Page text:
Planning for inheritance tax (IHT) is key to protecting your legacy. How can you pass on as much hard-earned wealth as possible so your loved ones are taken care of when you’re gone?
Death might seem a long way off for you, or frankly something you just don’t want to think about. But while it’s easy to think about inheritance as relating to death, it’s also about living. Through careful planning, you not only improve your family’s livelihoods when you’re gone but also maximise your ability to sustain the retirement lifestyle you want to live while you are still here.
IHT is a tax on everything you own, also known as your ‘estate’ after you die. If the value of everything you own at the end of your life is over the IHT nil rate band, currently £325,000, and you’re not leaving it all to a spouse, civil partner, charity or community sports club, the net figure is subject to a 40% tax charge, suffered by your beneficiaries, and paid by the executors within six months of your death.
Your IHT threshold can climb considerably in certain scenarios. The addition of a ‘residence nil rate band’, which applies when you are leaving your home to a direct descendant, adds £175,000 to your nil rate bands. Meanwhile, if you are widowed and your deceased spouse didn’t use any of their IHT nil rate band, it will transfer to you, meaning yours could be up to £1 million. The residence nil rate band will, however, reduce by £1 for every £2 that your estate exceeds £2 million.
“Once your estate is approaching or over the IHT nil rate bands, there really should be proactive planning in place,” says Gill Philpott, Tax and Trust Specialist at Ascot Lloyd. “Start as early as possible so you can make the most of opportunities. Rules can change but planning with the rules we have now will mean opportunities will not be lost.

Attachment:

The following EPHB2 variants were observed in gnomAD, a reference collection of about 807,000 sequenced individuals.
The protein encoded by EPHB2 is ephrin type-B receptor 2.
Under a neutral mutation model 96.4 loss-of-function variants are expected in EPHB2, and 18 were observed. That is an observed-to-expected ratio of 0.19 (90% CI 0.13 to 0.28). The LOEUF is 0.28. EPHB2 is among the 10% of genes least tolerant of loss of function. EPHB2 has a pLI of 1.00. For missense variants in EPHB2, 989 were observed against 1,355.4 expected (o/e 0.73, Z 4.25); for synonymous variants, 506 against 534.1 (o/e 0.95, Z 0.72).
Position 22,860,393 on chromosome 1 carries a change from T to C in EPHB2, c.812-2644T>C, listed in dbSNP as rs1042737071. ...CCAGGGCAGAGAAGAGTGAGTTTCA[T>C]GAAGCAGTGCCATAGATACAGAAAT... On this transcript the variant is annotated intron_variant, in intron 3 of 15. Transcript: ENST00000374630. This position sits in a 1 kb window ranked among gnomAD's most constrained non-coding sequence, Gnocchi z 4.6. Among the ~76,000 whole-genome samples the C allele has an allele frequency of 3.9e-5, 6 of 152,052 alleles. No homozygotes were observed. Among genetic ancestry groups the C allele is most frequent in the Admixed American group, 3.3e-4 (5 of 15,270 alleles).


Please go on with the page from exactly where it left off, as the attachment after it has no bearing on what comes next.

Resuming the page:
“Gifting can be especially useful if your estate is valued over £2 million and includes a residence that can benefit from the residence nil rate band, because at the £2 million point your residence nil rate band is withdrawn. But if for example your estate was £2.5 million and you gave away £500,000 today, you would immediately reclaim the residence nil rate band in full. There's no seven-year timeline on that. Yes, it uses your £325,000 nil rate band, but you get some really effective IHT benefits by recovering the residence nil rate band.”
Gifts made to anyone from an individual’s estate are exempt from inheritance tax provided they survive for a period of 7 years after the date the gift is made. These lifetime gifts are known as potentially exempt transfers (also known as PETs) and are not restricted in value.
Certain types of assets may qualify for IHT reliefs. While generally of a high risk in nature and, as such, only suitable for a limited market, these assets stay in your estate, remaining accessible, but may qualify for an IHT exemption after 2 years of the qualifying conditions being met.